Factional Rhetoric in the Post-Reform Era, 1094–1104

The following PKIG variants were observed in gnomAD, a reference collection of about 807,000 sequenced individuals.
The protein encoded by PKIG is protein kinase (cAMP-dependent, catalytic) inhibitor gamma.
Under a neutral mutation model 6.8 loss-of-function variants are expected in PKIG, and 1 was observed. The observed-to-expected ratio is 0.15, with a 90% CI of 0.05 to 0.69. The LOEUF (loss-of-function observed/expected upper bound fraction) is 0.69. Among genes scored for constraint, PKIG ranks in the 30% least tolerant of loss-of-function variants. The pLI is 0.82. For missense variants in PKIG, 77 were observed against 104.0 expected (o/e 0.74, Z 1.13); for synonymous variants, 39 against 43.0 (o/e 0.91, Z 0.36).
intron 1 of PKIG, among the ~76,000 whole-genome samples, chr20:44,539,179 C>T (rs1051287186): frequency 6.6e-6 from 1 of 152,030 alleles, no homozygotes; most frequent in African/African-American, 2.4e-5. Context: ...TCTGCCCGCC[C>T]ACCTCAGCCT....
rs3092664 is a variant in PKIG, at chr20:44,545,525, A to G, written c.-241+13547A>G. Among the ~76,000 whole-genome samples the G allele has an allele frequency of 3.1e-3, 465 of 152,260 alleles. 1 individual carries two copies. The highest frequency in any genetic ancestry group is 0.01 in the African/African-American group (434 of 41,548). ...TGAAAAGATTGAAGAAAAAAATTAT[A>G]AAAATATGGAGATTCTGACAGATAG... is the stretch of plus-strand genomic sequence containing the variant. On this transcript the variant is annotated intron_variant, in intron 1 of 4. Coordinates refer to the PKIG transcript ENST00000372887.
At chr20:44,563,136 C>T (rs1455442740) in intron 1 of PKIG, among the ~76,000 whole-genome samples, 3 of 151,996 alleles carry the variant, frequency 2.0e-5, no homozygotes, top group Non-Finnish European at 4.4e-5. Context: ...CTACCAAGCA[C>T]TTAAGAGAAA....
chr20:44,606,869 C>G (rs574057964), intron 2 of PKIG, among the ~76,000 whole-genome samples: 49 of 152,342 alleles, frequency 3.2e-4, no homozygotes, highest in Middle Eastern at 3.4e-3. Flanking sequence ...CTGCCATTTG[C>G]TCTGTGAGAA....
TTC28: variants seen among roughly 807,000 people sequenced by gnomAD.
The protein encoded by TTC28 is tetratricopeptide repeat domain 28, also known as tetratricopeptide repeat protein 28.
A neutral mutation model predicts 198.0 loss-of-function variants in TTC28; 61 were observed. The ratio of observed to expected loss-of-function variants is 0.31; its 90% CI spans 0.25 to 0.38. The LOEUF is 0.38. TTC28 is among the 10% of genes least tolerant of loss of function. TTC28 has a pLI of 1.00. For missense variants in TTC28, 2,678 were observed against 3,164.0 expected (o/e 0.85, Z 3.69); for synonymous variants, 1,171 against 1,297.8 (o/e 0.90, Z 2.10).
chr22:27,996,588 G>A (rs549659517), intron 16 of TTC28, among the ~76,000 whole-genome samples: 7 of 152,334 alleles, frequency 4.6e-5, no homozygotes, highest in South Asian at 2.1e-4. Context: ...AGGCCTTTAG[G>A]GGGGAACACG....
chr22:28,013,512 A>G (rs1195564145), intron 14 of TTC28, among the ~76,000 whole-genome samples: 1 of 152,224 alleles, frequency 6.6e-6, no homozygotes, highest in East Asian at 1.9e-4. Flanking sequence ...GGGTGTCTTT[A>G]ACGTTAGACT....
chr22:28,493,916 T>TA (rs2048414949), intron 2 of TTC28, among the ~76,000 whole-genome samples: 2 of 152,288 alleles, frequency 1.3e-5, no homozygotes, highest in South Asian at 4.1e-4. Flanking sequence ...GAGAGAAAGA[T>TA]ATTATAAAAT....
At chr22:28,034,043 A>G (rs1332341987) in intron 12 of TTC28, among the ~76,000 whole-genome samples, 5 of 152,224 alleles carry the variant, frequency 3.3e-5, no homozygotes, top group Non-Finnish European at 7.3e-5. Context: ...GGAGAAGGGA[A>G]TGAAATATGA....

This chapter analyzes when reformists fought their way back from exile to dominate the post-reform phase. When Xuanren died in 1093, Zhezong inaugurated his personal rule and committed himself to an ideological program of “restoration” (shaoshu), rehabilitating the reformists and reviving the New Policies. Seeking revenge for Cai Que's death, Zhang Dun formed a vertical alliance with the emperor and persuaded him to systematically purge the antireformists from court. The surviving antireformists were later blacklisted, and their leaders were indicted on trumped-up charges of treason and factionalism in the Korean Relations Institute (Tongwen guan) inquisition; they were ultimately deported to Lingnan. When Zhezong died without an heir in 1100, Shenzong's consort Empress Dowager Qinsheng (1045–1101) assumed the regency for his younger brother Emperor Huizong and began to rehabilitate a new generation of antireformists. When Qinsheng died in 1101, Huizong began his personal rule, resolving to revive and expand reformist governance under the influence of his councilor, Cai Jing. Prosecuting the most brutal and comprehensive political purge in the history of the dynasty, Huizong promulgated three separate factional blacklists (dangji) between 1102 and 1104, banning more than 300 antireformists and their descendants from officeholding as a “faction.” In these proscriptions, which represented the endgame of the factional conflict, most of the antireform opposition were exiled en masse to fringe prefectures, where they were subject to movement restrictions, and an unknown number died. The silencing of political and ideological dissent enabled the Cai Jing ministry to revive and extend the New Policies and to build a patronage machine that monopolized power for twenty-five years, with minimal interruptions, almost until the fall of the Northern Song.
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